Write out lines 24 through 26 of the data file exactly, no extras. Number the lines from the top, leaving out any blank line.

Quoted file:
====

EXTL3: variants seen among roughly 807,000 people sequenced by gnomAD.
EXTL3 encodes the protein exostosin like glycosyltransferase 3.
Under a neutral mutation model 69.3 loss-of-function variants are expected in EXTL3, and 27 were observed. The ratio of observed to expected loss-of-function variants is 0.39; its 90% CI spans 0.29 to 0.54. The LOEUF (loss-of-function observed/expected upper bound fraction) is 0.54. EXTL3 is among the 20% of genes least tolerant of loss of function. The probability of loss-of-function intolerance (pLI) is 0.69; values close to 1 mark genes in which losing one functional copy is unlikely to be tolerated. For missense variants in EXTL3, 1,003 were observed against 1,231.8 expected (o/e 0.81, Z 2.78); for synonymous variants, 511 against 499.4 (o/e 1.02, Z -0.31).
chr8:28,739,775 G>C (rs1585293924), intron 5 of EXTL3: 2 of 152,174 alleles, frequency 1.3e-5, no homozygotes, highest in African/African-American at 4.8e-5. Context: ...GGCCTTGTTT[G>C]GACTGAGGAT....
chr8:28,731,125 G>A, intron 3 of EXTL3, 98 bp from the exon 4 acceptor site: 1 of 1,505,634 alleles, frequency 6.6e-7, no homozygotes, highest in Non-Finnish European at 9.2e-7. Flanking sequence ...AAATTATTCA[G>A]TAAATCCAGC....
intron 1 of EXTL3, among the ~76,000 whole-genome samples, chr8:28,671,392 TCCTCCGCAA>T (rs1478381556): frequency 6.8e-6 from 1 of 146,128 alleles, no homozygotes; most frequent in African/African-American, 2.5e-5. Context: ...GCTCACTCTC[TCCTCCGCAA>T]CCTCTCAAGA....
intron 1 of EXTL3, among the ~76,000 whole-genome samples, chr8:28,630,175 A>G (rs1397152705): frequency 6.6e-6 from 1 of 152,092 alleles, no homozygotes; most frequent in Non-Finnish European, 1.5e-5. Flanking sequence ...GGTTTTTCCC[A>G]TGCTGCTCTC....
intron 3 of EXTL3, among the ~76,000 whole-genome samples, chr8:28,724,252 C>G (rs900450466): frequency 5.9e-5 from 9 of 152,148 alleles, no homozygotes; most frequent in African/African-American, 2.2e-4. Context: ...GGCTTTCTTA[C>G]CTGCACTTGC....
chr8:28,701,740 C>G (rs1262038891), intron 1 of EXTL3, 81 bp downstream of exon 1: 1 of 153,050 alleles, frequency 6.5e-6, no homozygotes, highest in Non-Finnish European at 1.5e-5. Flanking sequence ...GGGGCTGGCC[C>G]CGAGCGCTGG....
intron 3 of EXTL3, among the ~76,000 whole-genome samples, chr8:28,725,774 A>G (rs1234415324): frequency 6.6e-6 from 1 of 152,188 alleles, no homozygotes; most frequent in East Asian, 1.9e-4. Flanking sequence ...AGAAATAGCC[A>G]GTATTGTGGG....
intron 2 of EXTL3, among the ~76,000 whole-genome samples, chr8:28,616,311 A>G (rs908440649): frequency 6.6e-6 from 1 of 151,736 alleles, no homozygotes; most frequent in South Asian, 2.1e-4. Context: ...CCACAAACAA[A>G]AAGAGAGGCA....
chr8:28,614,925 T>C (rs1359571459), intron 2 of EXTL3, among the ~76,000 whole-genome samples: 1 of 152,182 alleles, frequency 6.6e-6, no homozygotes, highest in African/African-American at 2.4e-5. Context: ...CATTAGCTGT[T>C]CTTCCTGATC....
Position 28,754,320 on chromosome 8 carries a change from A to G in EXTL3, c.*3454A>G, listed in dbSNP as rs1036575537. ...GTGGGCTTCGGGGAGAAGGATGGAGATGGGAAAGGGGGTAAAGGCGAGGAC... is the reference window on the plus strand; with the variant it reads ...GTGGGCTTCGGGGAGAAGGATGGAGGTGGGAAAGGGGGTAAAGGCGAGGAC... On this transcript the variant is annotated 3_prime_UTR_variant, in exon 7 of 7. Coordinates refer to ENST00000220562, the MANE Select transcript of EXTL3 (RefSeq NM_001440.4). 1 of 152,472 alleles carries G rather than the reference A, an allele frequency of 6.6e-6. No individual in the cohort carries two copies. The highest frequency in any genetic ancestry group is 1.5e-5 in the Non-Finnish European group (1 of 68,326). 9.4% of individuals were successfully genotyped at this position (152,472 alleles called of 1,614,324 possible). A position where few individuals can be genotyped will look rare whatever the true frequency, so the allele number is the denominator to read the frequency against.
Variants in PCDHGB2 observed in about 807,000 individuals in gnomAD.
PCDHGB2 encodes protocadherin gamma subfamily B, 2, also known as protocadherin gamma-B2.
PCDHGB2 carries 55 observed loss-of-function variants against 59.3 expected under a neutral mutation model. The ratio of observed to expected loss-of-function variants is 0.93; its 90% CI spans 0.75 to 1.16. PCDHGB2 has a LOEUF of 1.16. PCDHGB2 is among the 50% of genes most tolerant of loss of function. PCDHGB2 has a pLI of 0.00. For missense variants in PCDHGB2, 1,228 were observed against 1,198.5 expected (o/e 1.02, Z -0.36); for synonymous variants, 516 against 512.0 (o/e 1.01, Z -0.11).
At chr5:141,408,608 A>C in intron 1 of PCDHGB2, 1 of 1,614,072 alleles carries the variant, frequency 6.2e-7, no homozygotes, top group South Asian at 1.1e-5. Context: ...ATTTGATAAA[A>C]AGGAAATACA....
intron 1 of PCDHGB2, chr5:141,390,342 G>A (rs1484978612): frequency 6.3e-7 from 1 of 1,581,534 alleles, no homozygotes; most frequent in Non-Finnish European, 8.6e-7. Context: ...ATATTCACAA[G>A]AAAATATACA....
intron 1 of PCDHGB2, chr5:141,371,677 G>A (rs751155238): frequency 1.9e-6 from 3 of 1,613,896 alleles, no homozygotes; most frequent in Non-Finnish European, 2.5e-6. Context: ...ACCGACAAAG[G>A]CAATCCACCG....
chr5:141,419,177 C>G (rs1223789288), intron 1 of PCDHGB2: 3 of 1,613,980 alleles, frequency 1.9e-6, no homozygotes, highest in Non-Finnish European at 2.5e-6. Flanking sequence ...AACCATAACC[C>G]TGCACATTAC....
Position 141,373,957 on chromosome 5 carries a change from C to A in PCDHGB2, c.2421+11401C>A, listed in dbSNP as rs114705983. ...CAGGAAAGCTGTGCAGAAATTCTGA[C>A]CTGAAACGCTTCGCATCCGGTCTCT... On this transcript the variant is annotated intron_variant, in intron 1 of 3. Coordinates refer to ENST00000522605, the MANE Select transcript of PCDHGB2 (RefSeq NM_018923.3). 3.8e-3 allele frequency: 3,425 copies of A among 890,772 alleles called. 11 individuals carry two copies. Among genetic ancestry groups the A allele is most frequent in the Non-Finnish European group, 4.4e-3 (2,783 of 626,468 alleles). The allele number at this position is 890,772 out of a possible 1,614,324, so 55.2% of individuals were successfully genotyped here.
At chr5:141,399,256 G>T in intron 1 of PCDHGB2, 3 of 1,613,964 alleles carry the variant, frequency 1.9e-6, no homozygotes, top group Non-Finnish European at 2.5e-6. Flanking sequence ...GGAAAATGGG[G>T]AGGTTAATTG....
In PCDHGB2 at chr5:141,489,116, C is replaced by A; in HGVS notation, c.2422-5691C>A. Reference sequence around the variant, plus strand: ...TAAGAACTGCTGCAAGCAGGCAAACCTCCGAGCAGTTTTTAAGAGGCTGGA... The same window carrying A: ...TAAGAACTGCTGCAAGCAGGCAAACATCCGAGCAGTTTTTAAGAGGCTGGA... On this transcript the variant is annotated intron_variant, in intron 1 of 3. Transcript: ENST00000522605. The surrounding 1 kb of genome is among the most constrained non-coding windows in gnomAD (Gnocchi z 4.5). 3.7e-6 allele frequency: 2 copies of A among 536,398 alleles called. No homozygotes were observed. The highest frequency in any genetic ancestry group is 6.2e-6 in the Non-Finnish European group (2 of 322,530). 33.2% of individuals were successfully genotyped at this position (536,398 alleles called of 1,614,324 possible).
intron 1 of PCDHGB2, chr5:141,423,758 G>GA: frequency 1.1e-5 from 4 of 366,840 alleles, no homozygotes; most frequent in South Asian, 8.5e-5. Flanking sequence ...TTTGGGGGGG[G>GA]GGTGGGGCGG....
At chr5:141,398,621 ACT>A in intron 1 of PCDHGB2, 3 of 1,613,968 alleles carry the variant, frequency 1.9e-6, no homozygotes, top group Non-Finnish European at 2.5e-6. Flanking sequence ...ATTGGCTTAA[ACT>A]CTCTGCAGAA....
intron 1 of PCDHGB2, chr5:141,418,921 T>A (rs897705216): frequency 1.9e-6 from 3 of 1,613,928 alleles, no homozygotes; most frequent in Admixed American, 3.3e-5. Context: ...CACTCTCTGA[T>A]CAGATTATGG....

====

intron 1 of PCDHGB2, chr5:141,423,758 G>GA: frequency 1.1e-5 from 4 of 366,840 alleles, no homozygotes; most frequent in South Asian, 8.5e-5. Flanking sequence ...TTTGGGGGGG[G>GA]GGTGGGGCGG....
At chr5:141,398,621 ACT>A in intron 1 of PCDHGB2, 3 of 1,613,968 alleles carry the variant, frequency 1.9e-6, no homozygotes, top group Non-Finnish European at 2.5e-6. Flanking sequence ...ATTGGCTTAA[ACT>A]CTCTGCAGAA....
intron 1 of PCDHGB2, chr5:141,418,921 T>A (rs897705216): frequency 1.9e-6 from 3 of 1,613,928 alleles, no homozygotes; most frequent in Admixed American, 3.3e-5. Context: ...CACTCTCTGA[T>A]CAGATTATGG....